Johnny Depp finishes testimony in defamation case, says ex-wife left him 'broken' | Inquirer Entertainment
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Johnny Depp finishes testimony in defamation case, says ex-wife left him ‘broken’

/ 11:38 AM April 26, 2022
Johnny Depp

Actor Johnny Depp reacts as he testifies in the courtroom during the defamation trial against ex-wife Amber Heard at the Fairfax County Circuit Courthouse in Fairfax, Virginia, USA, April 25, 2022. Image: Pool/Steve Helber/via Reuters

Actor Johnny Depp concluded his testimony on Monday, April 25, in the defamation case he filed against ex-wife Amber Heard, saying he was the victim of domestic violence in their relationship and was “broken” by the time their marriage fell apart.

Depp’s fourth day on the witness stand in a Virginia court ended with his attorneys playing audio from a conversation that took place after Heard had secured a restraining order against him in 2016.

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The “Pirates of the Caribbean” star said he agreed to Heard’s request to meet in a San Francisco hotel room because he thought she might retract her accusation that he had abused her.

In the recording, Depp proposed that the couple issue a joint letter saying they loved each other and the media had created a storm around them. The suggestion was an attempt to find a “peaceful settlement,” Depp said.

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Heard, known for her role in “Aquaman,” resisted the idea and challenged him to go public with his claim that he was the one who had suffered abuse. “Tell the world, Johnny,” she said. “Tell them I, Johnny Depp—a man—I’m a victim too of domestic violence.”

Depp said he responded: “Yes, I am.”

The 58-year-old actor is suing Heard, 36, for $50 million. Heard has counter-sued for $100 million, saying Depp smeared her by calling her a liar.

In another audio clip from the San Francisco meeting, Depp threatened to cut himself with a knife.

“That’s psychologically, emotionally where I was,” he said. “At the end, I was broken … I thought the only answer is here, take my blood, that’s all I’ve got left.”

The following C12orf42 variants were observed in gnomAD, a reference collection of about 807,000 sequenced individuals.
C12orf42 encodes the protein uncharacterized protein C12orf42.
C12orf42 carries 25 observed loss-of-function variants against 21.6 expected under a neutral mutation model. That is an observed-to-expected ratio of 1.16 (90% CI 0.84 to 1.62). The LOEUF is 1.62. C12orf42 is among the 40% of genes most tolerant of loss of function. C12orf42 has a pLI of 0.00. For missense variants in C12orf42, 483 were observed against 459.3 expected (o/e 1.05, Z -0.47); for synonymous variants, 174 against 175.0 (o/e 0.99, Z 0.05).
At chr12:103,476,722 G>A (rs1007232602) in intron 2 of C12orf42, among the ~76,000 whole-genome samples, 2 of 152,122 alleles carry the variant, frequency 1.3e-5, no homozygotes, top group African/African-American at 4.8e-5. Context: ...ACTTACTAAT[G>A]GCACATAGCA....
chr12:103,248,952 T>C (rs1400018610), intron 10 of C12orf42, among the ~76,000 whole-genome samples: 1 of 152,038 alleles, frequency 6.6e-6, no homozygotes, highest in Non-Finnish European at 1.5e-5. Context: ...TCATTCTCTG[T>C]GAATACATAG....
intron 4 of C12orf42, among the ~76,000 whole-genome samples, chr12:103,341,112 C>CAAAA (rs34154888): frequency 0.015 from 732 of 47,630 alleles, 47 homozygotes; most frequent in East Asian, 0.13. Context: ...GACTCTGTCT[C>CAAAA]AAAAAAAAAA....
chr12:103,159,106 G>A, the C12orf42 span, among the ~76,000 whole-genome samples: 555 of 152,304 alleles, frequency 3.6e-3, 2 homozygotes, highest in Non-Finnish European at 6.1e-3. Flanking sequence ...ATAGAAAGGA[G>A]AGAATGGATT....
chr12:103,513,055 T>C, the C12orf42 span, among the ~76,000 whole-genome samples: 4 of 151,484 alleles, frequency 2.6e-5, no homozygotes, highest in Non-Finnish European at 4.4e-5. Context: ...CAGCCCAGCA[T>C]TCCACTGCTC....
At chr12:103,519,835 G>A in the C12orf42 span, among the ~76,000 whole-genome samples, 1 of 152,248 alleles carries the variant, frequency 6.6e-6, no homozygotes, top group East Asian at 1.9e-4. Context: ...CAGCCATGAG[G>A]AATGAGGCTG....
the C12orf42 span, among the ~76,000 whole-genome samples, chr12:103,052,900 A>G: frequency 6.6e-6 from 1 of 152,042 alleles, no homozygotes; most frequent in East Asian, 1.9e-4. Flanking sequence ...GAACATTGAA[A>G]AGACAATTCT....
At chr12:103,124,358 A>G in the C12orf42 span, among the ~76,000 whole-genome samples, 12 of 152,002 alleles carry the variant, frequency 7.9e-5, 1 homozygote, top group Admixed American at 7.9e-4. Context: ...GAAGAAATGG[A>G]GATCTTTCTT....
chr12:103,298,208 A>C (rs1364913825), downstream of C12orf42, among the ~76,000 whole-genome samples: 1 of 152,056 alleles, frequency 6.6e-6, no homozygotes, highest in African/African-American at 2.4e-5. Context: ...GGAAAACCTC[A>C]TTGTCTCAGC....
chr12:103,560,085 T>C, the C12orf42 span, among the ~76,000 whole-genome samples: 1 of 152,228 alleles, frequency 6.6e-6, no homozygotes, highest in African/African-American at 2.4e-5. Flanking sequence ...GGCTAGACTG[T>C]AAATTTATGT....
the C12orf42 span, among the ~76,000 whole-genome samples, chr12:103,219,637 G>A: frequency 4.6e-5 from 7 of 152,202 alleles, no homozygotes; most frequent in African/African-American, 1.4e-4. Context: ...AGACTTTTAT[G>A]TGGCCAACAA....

The case hinges on a December 2018 opinion piece in the Washington Post. The article never mentioned Depp by name, but his lawyer told jurors it was clear Heard was referencing him. The couple’s divorce was finalized in 2017.

Earlier on Monday, Heard’s attorneys introduced news articles that they said showed Depp’s behavior had already harmed his lucrative movie career well before Heard’s piece.

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Headlines included “Why are all of Johnny Depp’s movies bombing at the box office?” and “Where did it all go wrong for Johnny Depp?” The articles, published before Heard’s piece, claimed Depp drank vodka for breakfast and was late to movie sets.

Depp said that as a longtime Hollywood star he was subject of “hit pieces.”

The actor testified that Heard would slap or shove him when the couple disagreed and once threw a vodka bottle at his hand, cutting off the top of his right middle finger.

In a separate legal case in Britain, Heard denied throwing a bottle and severing Depp’s finger. She said she threw things only to escape when he was beating her, and once punched him because she feared he would push her sister down the stairs.

Depp, once among the biggest stars in Hollywood, said he never struck Heard or any woman and that Heard’s allegations cost him “everything.” A new “Pirates” movie was put on hold, and Depp was dropped from the “Fantastic Beasts” film franchise, a “Harry Potter” spinoff.

Heard’s attorneys have argued that she told the truth and that her opinion was protected free speech under the United States Constitution’s First Amendment. In opening arguments, Heard’s attorneys said Depp physically and sexually assaulted her while abusing drugs and alcohol.

A state court judge in Fairfax County, Virginia, is overseeing the trial, which is expected to last until late May.

Less than two years ago, Depp lost a libel case against The Sun, a British tabloid that labeled him a “wife beater.” A London High Court judge ruled he had repeatedly assaulted Heard.

Depp’s lawyers have said they filed the US case in Fairfax County, outside the nation’s capital, because the Washington Post is printed there. The newspaper is not a defendant. AP

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TAGS: Amber Heard, Aquaman, domestic violence, Johnny Depp, Pirates of the Caribbean
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